- Schedule a 504 Meeting: Type 1 diabetes is considered to be a disability under federal law. This means that the school is required to accommodate any special needs your child may have. Creating a 504 plan will help make it official to the school district that your child in fact does have Type 1 diabetes and lay out what they can do to help ensure they thrive in school.
What is a 504 Plan?
A 504 plan refers to a type of plan the was created to help meet the requirements under federal law to ensure no discrimination for individuals with disabilities. This law is section 504 of the Rehabilitation Act of 1973.
A 504 plan will set out the steps and actions your school must take to make sure your student is kept medically safe while at school, that they have the same educational opportunities as other kids and are treated fairly. It is a plan that can help make sure everyone understands their responsibilities to help reduce any misunderstandings.
What to Include in a 504 Plan?
All plans should be tailored to the individual needs of your child, their abilities for self-management, and treatments. It is important to make sure you include provisions that are only relevant to your child. You can change these provisions each and every year to suit their growing and maturing needs. All plans should state that school staff members must always be trained to recognize the signs of high and low blood sugar and to respond to the treatment for these laid out in their DMMP.
Types of 504 Plan Provisions
- All school staff members who interact with the student on a frequent basis should know how to recognize both high and low blood sugar symptoms and treat accordingly.
- Self-managing students should be allowed access to self-manage anywhere, and always keep their supplies with them.
- Students should be allowed full participating in all extracurricular activities and sports, as well as field trips.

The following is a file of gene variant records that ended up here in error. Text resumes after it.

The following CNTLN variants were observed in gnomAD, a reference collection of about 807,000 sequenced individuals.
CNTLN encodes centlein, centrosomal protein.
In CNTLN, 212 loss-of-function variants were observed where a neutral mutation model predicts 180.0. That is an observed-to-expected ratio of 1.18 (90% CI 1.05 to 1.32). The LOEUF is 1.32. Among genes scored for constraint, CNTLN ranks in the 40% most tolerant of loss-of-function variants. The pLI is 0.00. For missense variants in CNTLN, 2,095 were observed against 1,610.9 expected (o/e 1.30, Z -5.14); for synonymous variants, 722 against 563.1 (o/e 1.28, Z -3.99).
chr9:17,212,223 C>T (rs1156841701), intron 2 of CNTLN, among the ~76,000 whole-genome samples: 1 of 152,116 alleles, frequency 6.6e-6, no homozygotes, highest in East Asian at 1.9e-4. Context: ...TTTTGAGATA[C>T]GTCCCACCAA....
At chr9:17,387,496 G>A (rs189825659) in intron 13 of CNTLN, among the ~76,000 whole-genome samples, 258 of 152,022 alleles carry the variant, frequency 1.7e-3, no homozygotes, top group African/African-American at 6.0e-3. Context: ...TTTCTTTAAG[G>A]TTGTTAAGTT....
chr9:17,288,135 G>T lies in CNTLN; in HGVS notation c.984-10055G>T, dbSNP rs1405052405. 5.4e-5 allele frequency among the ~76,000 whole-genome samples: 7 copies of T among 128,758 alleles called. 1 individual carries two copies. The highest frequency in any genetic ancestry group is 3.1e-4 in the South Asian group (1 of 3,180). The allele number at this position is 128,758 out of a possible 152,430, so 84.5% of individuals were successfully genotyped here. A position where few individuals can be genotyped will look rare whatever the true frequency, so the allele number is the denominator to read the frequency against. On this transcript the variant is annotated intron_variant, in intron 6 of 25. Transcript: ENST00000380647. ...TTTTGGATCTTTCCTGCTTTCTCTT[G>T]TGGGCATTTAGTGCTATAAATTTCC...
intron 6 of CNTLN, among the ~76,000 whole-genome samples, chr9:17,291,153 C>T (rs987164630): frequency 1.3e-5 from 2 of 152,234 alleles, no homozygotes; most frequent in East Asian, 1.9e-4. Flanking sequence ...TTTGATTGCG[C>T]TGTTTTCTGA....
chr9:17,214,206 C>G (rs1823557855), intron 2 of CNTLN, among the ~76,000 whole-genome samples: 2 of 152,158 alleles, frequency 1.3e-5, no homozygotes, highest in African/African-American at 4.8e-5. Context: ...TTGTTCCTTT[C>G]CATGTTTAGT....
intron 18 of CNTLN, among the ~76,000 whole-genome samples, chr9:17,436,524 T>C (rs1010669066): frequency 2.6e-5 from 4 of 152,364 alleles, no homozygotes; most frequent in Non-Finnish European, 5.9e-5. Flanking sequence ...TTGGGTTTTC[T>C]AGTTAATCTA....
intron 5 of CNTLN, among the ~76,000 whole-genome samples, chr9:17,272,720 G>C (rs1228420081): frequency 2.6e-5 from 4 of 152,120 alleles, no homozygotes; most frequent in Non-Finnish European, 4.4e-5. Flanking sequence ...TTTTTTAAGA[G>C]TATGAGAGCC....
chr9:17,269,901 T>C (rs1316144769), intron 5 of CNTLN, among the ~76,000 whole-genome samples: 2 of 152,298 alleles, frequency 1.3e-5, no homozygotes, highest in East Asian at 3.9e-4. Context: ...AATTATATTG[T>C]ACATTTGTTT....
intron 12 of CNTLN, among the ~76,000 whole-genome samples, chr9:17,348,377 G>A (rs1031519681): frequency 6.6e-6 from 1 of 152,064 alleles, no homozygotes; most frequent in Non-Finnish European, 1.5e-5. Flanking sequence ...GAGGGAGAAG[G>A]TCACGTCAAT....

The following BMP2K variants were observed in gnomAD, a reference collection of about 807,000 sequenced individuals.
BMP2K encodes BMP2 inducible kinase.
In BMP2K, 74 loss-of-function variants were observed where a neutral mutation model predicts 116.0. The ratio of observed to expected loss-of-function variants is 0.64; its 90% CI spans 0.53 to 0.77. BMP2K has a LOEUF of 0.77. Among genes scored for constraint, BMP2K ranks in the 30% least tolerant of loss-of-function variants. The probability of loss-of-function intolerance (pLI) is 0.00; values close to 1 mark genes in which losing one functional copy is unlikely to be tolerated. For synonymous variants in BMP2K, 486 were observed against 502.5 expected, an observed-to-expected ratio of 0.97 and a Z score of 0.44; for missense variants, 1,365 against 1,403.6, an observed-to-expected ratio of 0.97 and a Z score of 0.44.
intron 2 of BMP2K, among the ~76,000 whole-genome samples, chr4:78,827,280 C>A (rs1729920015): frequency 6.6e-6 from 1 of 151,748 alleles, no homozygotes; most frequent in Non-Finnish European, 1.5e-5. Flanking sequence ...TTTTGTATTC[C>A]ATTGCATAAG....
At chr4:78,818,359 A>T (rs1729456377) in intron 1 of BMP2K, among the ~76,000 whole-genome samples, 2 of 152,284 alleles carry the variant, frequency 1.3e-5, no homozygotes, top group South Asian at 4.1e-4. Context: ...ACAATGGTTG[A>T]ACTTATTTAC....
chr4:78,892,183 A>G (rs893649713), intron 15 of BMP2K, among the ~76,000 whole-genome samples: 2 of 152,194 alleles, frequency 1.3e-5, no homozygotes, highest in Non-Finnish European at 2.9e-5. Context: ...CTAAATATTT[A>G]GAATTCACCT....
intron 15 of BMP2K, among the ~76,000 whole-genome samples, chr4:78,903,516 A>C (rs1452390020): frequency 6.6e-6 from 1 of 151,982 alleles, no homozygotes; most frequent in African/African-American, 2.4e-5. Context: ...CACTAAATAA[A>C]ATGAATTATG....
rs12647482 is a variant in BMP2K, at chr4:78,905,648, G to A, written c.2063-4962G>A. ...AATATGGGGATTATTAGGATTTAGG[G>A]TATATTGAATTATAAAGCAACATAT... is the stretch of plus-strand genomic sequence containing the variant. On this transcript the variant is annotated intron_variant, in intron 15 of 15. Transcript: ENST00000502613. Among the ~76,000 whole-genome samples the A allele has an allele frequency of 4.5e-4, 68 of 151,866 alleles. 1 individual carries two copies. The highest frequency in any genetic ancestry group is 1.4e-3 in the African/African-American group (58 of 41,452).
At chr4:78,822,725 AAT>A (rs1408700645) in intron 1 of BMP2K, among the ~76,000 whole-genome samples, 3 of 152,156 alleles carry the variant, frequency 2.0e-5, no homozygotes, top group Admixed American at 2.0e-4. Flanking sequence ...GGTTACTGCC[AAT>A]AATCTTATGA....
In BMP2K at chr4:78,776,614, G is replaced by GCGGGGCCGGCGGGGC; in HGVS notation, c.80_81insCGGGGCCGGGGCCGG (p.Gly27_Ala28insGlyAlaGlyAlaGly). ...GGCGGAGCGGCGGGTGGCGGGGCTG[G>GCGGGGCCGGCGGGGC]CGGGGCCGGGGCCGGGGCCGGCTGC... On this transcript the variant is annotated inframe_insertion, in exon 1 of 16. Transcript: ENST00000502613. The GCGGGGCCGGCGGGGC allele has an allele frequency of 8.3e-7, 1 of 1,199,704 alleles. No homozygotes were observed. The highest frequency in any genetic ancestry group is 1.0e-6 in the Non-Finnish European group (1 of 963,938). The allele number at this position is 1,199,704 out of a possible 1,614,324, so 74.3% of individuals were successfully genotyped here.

- Parents should be permitted to accompany their child on field trips, if they are not able to arrange to do so a nurse must attend.
- Permission should be given to include any extra trips to use the restroom or the water fountain.
- Request that they are allowed to keep a water bottle on them at all times.
- Permission for excused absences for appointments or sick days should be given without any penalty.
- Arrangements for missed classroom time due to treatment of high or low blood sugar, or other missed time should be made.
- In the event of an emergency you should establish a plan of action when to alert you.
Attendance Accommodations at School
Children who have diabetes should still be able to attend school on a regular basis. In a perfect world, your child wouldn’t have to stay home from school for any diabetes related instances. It is important though that their absences only happen if they are medically necessary. When they do happen you still want to ensure there is no unfair consequences.
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If you find that your child has to miss school or class time frequently because of difficulties managing high or low blood sugars it may be time to speak with your diabetes care team and doctors for a change to their regime.
Children’s Rights in Regards to Accommodations for School Attendance
Children who miss school and class time for any diabetes related issues are entitled to certain accommodations under the Section 504 federal law. Here are some tips for understanding student attendance accommodations:
- Teachers and the school may not reduce a grade for any missed class time due to time needed to manage or take care of a diabetes issue.
- Students are permitted to make up work for any missed time they are out of school or classes due to diabetes issues.
- No punishment may be given for any absence related to diabetes issues such as a detention.
- If your school does have already established guidelines for reporting absences as well as medical documentation they can require that you do still, follow these guidelines.
How to Handle Accommodation for Absences in your 504 Plan